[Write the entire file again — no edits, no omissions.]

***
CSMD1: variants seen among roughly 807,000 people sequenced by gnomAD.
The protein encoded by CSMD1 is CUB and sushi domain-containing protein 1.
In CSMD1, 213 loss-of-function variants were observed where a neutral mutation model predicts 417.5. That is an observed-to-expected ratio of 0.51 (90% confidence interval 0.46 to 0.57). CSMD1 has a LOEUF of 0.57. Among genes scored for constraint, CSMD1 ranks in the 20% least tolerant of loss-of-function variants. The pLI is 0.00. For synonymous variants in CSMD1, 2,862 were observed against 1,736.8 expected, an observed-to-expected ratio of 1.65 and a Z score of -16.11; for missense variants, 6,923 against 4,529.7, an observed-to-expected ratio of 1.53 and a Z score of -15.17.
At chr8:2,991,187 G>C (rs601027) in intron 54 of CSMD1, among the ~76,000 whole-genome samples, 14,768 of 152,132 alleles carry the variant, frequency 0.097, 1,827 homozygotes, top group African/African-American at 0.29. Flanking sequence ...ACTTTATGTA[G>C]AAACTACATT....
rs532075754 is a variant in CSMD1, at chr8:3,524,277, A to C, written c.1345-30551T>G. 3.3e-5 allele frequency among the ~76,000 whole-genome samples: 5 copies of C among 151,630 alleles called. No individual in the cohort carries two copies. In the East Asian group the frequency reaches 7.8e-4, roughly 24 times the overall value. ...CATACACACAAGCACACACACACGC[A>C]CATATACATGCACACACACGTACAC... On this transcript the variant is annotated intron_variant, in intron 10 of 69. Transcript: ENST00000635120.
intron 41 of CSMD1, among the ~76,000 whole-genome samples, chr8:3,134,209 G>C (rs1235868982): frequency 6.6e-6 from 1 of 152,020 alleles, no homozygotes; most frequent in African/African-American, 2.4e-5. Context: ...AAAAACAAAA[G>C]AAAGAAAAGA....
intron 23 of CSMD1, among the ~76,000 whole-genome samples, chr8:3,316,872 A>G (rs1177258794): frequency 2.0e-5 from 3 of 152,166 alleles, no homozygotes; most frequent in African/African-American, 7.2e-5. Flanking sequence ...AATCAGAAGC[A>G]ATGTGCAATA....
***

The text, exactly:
CSMD1: variants seen among roughly 807,000 people sequenced by gnomAD.
The protein encoded by CSMD1 is CUB and sushi domain-containing protein 1.
In CSMD1, 213 loss-of-function variants were observed where a neutral mutation model predicts 417.5. That is an observed-to-expected ratio of 0.51 (90% confidence interval 0.46 to 0.57). CSMD1 has a LOEUF of 0.57. Among genes scored for constraint, CSMD1 ranks in the 20% least tolerant of loss-of-function variants. The pLI is 0.00. For synonymous variants in CSMD1, 2,862 were observed against 1,736.8 expected, an observed-to-expected ratio of 1.65 and a Z score of -16.11; for missense variants, 6,923 against 4,529.7, an observed-to-expected ratio of 1.53 and a Z score of -15.17.
At chr8:2,991,187 G>C (rs601027) in intron 54 of CSMD1, among the ~76,000 whole-genome samples, 14,768 of 152,132 alleles carry the variant, frequency 0.097, 1,827 homozygotes, top group African/African-American at 0.29. Flanking sequence ...ACTTTATGTA[G>C]AAACTACATT....
rs532075754 is a variant in CSMD1, at chr8:3,524,277, A to C, written c.1345-30551T>G. 3.3e-5 allele frequency among the ~76,000 whole-genome samples: 5 copies of C among 151,630 alleles called. No individual in the cohort carries two copies. In the East Asian group the frequency reaches 7.8e-4, roughly 24 times the overall value. ...CATACACACAAGCACACACACACGC[A>C]CATATACATGCACACACACGTACAC... On this transcript the variant is annotated intron_variant, in intron 10 of 69. Transcript: ENST00000635120.
intron 41 of CSMD1, among the ~76,000 whole-genome samples, chr8:3,134,209 G>C (rs1235868982): frequency 6.6e-6 from 1 of 152,020 alleles, no homozygotes; most frequent in African/African-American, 2.4e-5. Context: ...AAAAACAAAA[G>C]AAAGAAAAGA....
intron 23 of CSMD1, among the ~76,000 whole-genome samples, chr8:3,316,872 A>G (rs1177258794): frequency 2.0e-5 from 3 of 152,166 alleles, no homozygotes; most frequent in African/African-American, 7.2e-5. Flanking sequence ...AATCAGAAGC[A>G]ATGTGCAATA....